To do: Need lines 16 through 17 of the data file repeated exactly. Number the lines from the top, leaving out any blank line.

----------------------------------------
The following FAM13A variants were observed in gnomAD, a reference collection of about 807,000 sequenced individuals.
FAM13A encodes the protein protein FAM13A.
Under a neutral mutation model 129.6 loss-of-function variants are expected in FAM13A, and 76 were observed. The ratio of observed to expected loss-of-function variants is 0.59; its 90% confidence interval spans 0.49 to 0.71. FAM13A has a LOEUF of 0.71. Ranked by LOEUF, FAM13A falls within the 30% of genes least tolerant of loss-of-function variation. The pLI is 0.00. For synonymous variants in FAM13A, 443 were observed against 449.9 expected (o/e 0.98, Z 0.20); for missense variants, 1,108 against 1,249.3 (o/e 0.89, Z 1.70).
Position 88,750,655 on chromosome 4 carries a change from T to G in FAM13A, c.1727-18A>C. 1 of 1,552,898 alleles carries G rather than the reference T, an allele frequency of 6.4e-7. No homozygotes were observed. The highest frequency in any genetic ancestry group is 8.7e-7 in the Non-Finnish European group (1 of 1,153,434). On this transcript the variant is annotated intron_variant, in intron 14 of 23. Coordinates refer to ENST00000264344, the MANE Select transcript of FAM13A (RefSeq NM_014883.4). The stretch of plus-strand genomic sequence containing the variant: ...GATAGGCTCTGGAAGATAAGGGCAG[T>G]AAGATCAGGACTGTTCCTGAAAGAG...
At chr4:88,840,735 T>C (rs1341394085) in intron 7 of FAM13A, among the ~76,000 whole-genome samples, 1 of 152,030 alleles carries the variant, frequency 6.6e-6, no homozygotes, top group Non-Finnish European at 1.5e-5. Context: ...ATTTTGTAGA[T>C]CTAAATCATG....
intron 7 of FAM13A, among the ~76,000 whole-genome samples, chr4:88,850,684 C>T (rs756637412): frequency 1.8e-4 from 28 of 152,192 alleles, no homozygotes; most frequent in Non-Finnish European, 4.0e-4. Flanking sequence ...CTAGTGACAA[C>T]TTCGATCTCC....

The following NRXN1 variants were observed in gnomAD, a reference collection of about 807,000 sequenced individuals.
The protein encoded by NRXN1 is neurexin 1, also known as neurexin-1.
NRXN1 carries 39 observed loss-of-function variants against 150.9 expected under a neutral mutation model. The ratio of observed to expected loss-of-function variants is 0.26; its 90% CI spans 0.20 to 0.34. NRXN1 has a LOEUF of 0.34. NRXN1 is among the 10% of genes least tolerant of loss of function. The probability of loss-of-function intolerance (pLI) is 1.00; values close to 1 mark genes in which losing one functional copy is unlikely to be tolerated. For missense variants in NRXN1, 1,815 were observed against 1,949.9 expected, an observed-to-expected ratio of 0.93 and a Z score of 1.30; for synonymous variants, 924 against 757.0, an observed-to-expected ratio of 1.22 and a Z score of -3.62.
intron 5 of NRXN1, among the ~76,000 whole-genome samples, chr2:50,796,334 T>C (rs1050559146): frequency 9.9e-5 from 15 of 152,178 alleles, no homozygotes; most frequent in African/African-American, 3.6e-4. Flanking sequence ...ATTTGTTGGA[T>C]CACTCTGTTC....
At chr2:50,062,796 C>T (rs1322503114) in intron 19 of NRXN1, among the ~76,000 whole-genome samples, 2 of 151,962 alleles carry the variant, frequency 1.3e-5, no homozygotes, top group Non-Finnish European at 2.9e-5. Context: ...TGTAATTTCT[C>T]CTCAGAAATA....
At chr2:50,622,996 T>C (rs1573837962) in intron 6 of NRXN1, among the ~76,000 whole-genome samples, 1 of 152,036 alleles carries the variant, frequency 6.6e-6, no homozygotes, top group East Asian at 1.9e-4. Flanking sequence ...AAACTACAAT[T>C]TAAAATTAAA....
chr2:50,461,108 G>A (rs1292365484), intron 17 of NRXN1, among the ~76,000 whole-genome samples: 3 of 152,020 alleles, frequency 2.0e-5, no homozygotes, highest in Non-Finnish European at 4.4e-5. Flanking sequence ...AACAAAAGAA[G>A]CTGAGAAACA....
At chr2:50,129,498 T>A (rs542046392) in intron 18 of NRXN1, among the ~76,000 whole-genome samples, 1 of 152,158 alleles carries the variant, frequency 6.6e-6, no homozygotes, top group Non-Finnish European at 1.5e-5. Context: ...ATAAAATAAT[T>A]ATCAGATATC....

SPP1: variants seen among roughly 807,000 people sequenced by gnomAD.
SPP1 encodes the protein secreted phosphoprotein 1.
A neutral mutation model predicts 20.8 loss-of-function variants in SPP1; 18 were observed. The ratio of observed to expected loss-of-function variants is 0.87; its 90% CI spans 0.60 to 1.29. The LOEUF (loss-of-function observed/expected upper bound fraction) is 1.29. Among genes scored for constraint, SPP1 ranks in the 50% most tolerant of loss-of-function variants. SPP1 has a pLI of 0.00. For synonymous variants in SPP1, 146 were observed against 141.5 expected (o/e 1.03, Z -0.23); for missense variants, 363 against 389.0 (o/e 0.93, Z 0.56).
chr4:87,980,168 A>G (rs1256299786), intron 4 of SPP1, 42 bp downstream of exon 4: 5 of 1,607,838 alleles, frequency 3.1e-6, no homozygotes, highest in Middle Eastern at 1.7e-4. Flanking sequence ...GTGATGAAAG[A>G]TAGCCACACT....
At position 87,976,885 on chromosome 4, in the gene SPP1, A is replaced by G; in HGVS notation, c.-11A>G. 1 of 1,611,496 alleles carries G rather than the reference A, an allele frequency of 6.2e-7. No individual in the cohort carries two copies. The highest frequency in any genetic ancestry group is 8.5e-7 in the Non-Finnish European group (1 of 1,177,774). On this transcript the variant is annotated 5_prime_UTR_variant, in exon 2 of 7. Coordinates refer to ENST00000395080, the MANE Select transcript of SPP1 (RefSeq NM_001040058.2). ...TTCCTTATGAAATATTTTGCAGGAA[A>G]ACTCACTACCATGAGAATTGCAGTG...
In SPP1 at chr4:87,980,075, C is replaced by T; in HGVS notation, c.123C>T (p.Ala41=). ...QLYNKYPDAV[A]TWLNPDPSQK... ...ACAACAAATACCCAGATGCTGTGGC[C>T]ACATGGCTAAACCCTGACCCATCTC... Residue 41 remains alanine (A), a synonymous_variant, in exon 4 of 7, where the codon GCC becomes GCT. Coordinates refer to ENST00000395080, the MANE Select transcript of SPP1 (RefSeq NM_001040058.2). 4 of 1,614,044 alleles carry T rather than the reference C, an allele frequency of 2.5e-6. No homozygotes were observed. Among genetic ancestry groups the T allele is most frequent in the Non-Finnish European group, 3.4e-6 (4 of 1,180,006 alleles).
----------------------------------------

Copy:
SPP1 encodes the protein secreted phosphoprotein 1.
A neutral mutation model predicts 20.8 loss-of-function variants in SPP1; 18 were observed. The ratio of observed to expected loss-of-function variants is 0.87; its 90% CI spans 0.60 to 1.29. The LOEUF (loss-of-function observed/expected upper bound fraction) is 1.29. Among genes scored for constraint, SPP1 ranks in the 50% most tolerant of loss-of-function variants. SPP1 has a pLI of 0.00. For synonymous variants in SPP1, 146 were observed against 141.5 expected (o/e 1.03, Z -0.23); for missense variants, 363 against 389.0 (o/e 0.93, Z 0.56).